GRAND HAVEN, Mich. (WOOD) — Hundreds of dentists cross the state are pushing for the governor to let them get back to work, saying continuing to delay routine dental care could lead to a public health crisis.
Under an executive order from Gov. Gretchen Whitmer, only urgent dental care is allowed.
Dr. Seth Vruggink, a general dentist in Grand Haven, has grown concerned about his patients, who have not been able to get nonemergency care since dental practices were shut down two months ago in response to the coronavirus pandemic.
Vruggink said the consequences of delayed dental care can be dangerous.
“If I was a mother of a child who was scheduled for a small filling in March, I’d be worried now because that’s no longer a small filling,” Vruggink said. “If I had a child who was in orthodontics and has had the same wire on for 15 weeks, it’s time to worry.”
Vruggink said not allowing routine care for the extended period of time has caused minor dental problems to become expensive and painful medical emergencies.
“There’s such a big gap between urgent and emergent care in dentistry and what is elective and that is where I see a public health crisis right now, occurring in that gap,” Vruggink said. “You’re talking about patients with gum disease who needed maintenance visits who are actively losing bone right now. That bone does not come back.”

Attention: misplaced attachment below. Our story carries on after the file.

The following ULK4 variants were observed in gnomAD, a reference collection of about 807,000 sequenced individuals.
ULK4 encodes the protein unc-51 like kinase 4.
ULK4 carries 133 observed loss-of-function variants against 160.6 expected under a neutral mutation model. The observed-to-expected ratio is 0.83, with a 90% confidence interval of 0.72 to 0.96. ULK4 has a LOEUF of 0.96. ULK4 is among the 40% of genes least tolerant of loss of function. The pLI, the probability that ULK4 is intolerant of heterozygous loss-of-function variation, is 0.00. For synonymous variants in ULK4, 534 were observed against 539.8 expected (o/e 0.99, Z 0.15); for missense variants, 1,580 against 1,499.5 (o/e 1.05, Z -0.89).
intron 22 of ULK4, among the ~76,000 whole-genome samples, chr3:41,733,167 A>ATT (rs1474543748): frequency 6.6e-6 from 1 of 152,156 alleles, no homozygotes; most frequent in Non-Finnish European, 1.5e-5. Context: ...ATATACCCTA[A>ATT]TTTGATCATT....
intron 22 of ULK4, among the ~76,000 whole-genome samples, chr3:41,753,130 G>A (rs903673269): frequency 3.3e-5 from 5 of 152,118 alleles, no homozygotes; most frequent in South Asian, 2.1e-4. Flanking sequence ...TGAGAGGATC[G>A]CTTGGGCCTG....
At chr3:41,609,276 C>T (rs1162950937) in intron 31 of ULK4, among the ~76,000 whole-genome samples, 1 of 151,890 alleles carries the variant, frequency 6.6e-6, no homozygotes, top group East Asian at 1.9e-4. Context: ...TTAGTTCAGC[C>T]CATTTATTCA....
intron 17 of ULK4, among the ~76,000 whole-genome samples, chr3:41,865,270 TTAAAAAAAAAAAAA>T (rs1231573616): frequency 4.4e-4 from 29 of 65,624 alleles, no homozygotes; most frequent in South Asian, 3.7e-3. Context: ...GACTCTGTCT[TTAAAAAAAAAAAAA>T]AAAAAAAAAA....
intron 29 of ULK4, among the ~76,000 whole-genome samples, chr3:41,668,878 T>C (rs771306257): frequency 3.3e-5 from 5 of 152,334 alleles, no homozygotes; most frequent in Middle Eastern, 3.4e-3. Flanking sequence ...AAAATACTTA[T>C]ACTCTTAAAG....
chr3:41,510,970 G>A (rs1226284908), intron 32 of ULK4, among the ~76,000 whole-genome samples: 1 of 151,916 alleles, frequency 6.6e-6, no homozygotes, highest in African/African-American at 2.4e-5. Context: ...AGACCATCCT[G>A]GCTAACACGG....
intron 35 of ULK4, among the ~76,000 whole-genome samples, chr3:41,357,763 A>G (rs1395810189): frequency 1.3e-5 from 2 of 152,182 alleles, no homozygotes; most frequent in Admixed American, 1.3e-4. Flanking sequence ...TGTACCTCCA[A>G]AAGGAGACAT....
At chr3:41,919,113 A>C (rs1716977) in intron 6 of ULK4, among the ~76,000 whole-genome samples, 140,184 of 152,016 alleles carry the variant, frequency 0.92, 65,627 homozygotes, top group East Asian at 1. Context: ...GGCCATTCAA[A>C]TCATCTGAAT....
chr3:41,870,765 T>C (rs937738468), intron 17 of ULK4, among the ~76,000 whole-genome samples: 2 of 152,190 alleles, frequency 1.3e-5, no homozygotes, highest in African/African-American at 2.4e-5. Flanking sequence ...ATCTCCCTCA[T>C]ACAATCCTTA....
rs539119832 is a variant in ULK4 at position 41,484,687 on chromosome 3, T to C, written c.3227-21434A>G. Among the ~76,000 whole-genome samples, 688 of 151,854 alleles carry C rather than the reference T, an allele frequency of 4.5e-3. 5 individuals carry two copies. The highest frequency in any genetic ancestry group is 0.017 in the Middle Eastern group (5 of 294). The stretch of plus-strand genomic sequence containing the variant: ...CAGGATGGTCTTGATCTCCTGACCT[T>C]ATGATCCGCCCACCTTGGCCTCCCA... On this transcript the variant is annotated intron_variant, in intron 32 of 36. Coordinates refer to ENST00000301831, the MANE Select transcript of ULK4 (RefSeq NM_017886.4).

Oral surgeons who are seeing a majority of the emergency cases during the pandemic have even more alarming stories. Vruggink said his friend, an oral surgeon in northern Michigan, has seen it all recently.
“He said, ‘I went to work last week and I felt like I was in a third world country,’” Vruggink said. “’He said, ‘This reminded me of mission trips to Honduras, draining large abscesses, extracting teeth that should’ve been saved.’”
Oral surgeon Dr. Dan Madion said it has been hard to see so much suffering, which is why he’s helping lead the statewide push to get all dentists back to work.
“Frankly, we feel prepared to go back now and treat patients safely,” Madion said.
Whitmer seemed to disagree when addressing the matter at a press conference May 1.
“At this point, we know that the COVID-19 is spread through the mouth and that’s what dentistry is all about,” said Whitmer, who noted she is married to a dentist. “And so we’re not releasing that at this juncture.”
When it comes to using personal protection equipment, dentists say they do it best.
“Dentistry has been at the forefront of wearing personal protective equipment,” Madion said. “It’s been our standard of care for decades to wear eye protection, masks, gloves and now with the pandemic, we’ll be wearing respirators, face shields, gowns.”
Many dentists across the state are using the downtime to prepare, studying the guidelines published by the American Dental Association about how to safely reopen and securing loads of PPE.